Our coffee tables look like this...

Because of our delightful, inquisitive son, we do not keep anything in them and recently Will has taken to pretending they are his very own little oven. So unbelievably cute. I love watching him taking things in and out of it and watching his mind working overtime.

The other day he was carrying a two handled pan with just one hand and because of the angle he was holding it at, it wouldn't fit into the gap. From a distance away, I called his name and said to him 'use two hands, hold it with two hands'. We try and sign alongside speech at all times but I couldn't think of a gesture to accompany this so I just continued to repeat the words. It only took about three times before he did it. He looked at me, looked back, used two hands and sure enough got the pan in the 'oven'. So. Very. Proud. 

The other steps forward are wanted to share with you are particularly exciting - SPEECH!!!

Over the past couple of weeks Will has begun to mimic sounds. When he waves bye bye it is now accompanied by a heartwarming 'buh buh'. When playing on the train in the playground and a friend of ours said 'choo choo', William repeated 'wooo wooo'. And then this week when we were playing with rubber ducks and making them quack he said 'ack ack'.

I cannot tell you how excited and proud all of this makes me. Wearing the hearing aids is making such a difference at such a fast rate. I am so very pleased with him and his progress and I have even turned my own little corner. I am, for the first time, much happier when Will has his hearing aids in and want him to wear them. There is such a distinct difference in his behaviour and mood, making it obvious that they are quite blatantly the best thing for him. And what's best for him is best for me and best for us.

Sunday, 25 September 2011

Playground Parenting

Will has recently just started to really enjoy playgrounds. He loves to climb up the stairs, down the stairs, up the stairs, down the stairs. Occasionally the slide or the swing get a look in but at the moment it's mainly about the stairs.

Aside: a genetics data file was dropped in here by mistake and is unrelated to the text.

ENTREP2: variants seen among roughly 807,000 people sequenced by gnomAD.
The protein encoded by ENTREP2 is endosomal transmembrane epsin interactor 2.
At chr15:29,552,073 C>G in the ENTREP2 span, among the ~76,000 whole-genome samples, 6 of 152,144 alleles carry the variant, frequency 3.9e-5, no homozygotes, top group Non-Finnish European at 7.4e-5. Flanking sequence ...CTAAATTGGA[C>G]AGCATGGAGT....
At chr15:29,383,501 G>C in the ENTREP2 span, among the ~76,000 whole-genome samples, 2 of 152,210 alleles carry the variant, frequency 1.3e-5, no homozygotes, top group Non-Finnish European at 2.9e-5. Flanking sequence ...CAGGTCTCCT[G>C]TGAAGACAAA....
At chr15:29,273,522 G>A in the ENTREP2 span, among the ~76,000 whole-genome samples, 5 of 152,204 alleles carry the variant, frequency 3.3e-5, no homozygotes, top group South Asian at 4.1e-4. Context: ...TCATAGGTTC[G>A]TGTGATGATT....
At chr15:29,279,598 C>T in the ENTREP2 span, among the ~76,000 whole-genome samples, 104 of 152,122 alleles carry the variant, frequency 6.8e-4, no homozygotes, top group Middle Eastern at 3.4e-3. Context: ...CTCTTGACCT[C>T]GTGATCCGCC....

And other kids. It's just me at home all day so Will doesn't get a whole heap of time with other children. Since going to the park on a regular basis we have both learnt about other kids. Will thinks they are all wonderful and is desperate to play, interact, talk and share. Me, on the other hand, I'm not so sure. I think they are all horrid. Well not all, but most, definitely the majority. Basically any that don't belong to my friends!

It's an experience all parents must go through and not one I have enjoyed. Seeing that kid get a little bit too close to yours. Seeing the moment their hand goes up to push them over, their face gets close to scream in their face. It invokes a protective feeling I had no idea could be so strong. I remember the first time I felt it. It was when I took Will for his 8 week immunisations. Watching that nurse stick those needles into my baby and seeing him cry because of it made my skin crawl with rage. Even though my head knew that it was better than him getting any of the nasty diseases they were protecting him from, my heart wanted me to jump over the desk, wrestle the nurse to the ground, pull out her hair and jab the needle in her eye. I had never worried that I didn't love my baby, but that experience made me sure that I did.

The park is like that. If a kid gets in his face, I want to push them over. If they dare to touch him, I want to knock them out. I thought I liked kids, all kids but ones that look like they might hurt mine make me not so friendly!